Manuel Prado UgartecheManuel Carlos Prado y Ugarteche (April 21, 1889 – August 15, 1967) was a banker who served twice as President of Peru. Son of former president Mariano Ignacio Prado, he was born in Lima and served as the nation's 50th (1939 - 1945) and 54th (1956 - 1962) President. His brother, Leoncio Prado Gutiérrez, was a military hero who died in 1883, six years before Manuel Prado was born.
As a young army officer, Prado was a key player in the coup that overthrew peruvian president Guillermo Billinghurst in 1914. He became president of the Central Reserve Bank in 1934.
Manuel Prado, a conservative patriarch of a wealthy and powerful family, reached the presidency of Peru with the help of the left-wing Alianza Popular Revolucionaria Americana party. Prado announced that "one of the first acts of my government will be to declare a general political amnesty and put an end to the proscription of political parties."
During Prado's second presidency (1956–1962), the only significant proscribed party was the APRA (American Popular Revolutionary Alliance), which was thrown out of power and outlawed in 1948 by President Manuel Odría. Prado announced that he would submit to the newly elected Congress a bill to legalize APRA once again. The bill was later passed and the APRA's famed founder, Víctor Raúl Haya de la Torre, returned from foreign exile.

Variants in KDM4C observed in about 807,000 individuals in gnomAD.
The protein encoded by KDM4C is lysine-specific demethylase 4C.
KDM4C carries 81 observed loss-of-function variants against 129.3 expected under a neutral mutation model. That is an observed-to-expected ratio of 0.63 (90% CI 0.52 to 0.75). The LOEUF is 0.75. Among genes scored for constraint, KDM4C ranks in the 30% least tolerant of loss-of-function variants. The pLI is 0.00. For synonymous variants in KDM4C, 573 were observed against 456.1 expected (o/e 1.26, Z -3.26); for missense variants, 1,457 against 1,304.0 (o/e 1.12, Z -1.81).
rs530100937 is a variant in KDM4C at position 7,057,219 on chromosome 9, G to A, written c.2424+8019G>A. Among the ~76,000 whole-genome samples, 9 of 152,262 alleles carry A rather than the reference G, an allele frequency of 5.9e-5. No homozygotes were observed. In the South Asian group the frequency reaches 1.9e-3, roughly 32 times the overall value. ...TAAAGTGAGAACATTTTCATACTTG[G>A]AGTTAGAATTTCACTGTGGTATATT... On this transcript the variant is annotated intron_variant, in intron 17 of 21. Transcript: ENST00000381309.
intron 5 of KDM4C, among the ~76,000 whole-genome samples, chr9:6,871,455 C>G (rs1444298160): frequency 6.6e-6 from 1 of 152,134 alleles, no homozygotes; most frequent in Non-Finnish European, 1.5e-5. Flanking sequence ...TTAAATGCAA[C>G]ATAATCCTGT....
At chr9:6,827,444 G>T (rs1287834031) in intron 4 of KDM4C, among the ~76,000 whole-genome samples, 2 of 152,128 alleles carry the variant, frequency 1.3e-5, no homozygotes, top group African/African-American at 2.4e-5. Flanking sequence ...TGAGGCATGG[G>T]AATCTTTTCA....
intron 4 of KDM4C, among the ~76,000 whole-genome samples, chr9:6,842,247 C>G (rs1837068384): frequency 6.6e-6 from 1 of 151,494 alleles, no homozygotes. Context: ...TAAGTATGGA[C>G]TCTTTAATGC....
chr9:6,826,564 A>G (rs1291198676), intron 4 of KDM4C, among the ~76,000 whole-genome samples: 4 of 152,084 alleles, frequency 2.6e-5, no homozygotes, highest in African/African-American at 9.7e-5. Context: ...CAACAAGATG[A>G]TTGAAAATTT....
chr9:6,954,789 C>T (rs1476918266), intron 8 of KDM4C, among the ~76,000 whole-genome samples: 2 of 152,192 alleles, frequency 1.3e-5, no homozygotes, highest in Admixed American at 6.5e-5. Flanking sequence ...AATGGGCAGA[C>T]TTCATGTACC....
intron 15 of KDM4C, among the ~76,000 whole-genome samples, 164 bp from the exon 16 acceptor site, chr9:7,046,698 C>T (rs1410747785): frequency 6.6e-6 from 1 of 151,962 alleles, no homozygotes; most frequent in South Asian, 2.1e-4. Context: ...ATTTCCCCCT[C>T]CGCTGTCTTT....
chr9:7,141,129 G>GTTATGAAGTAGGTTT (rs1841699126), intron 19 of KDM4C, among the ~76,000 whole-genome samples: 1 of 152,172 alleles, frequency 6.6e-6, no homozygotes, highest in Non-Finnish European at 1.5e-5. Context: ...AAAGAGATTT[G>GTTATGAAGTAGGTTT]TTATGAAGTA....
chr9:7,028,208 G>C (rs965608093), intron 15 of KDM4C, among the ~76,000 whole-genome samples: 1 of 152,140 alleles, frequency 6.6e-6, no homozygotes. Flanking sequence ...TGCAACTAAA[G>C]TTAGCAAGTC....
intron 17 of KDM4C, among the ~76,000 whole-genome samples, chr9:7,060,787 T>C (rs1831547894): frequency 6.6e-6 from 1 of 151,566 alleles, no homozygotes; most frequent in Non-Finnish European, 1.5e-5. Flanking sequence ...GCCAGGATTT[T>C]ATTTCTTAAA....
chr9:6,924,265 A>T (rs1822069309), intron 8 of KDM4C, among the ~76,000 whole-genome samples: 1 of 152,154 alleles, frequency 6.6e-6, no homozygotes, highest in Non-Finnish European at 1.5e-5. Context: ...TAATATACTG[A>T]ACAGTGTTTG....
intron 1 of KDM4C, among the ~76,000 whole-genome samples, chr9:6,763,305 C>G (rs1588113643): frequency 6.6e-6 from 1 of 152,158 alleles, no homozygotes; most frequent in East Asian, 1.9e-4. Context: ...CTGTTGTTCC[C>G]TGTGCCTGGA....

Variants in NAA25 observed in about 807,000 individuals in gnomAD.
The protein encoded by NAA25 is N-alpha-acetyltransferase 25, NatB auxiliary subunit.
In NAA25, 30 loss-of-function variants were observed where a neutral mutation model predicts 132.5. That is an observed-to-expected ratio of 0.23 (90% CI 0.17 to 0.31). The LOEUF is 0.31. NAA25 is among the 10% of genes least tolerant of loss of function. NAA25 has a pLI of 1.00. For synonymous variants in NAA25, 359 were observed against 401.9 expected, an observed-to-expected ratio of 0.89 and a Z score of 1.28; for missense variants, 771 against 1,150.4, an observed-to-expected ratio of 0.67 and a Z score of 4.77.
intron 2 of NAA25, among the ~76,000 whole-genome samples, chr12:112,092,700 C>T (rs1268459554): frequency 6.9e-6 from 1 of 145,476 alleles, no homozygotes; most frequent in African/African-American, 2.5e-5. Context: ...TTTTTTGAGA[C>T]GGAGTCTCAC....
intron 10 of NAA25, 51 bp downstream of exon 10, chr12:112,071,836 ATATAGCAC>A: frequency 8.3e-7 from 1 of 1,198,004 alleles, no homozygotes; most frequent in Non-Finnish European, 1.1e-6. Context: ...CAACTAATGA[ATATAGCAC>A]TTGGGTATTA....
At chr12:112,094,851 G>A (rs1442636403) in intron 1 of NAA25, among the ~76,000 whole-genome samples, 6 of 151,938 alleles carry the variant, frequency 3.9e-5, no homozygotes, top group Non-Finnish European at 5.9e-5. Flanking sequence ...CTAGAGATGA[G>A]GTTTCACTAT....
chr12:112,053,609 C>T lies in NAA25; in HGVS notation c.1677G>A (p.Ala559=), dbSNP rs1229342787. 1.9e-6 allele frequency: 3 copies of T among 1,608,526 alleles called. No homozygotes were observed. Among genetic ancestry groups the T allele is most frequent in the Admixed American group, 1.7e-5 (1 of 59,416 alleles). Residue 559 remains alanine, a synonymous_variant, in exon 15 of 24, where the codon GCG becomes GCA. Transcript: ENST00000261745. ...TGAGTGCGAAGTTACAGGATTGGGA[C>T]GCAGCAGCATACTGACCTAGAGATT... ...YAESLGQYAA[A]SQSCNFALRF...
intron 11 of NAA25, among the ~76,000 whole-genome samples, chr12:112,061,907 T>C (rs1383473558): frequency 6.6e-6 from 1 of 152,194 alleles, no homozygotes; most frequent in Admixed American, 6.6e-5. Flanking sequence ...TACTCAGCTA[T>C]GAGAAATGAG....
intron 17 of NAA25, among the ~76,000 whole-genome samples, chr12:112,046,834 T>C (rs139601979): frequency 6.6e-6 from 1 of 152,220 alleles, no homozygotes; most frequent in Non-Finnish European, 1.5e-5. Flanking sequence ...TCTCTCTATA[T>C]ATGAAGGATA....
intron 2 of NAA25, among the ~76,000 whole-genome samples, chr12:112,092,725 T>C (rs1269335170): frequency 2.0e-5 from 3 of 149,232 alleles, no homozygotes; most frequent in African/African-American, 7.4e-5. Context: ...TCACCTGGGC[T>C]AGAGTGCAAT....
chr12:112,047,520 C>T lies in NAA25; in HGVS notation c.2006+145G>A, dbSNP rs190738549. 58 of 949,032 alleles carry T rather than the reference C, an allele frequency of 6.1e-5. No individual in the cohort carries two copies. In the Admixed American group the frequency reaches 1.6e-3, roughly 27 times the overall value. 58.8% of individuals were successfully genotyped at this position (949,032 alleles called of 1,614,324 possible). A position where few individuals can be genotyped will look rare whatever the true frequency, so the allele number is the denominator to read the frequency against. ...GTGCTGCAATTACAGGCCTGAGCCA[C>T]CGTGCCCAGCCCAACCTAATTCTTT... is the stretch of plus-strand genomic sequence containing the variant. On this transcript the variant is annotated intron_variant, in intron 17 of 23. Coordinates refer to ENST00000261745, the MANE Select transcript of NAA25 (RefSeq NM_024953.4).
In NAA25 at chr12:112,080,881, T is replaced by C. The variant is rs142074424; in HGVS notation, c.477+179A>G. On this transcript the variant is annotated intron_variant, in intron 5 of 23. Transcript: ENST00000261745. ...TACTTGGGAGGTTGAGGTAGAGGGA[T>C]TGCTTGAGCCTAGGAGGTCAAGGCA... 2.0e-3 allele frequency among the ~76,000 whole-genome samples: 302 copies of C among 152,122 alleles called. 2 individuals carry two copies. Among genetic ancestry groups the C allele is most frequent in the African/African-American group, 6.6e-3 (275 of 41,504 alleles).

In foreign policy, Prado – whose greatest pride was that as President in 1942 he made Peru the first of the South American nations to break off relations with the Axis Powers– was expected to side firmly with the U.S. There is documentary evidence that shows that Prado's enthusiastic support of the deportation of Peruvians of Japanese descent to the United States during World War II was motivated by a desire to rid Peru of all of its Japanese-descended residents—a charge which some historians have argued amounted to a campaign of ethnic cleansing. Provided by Wikipedia
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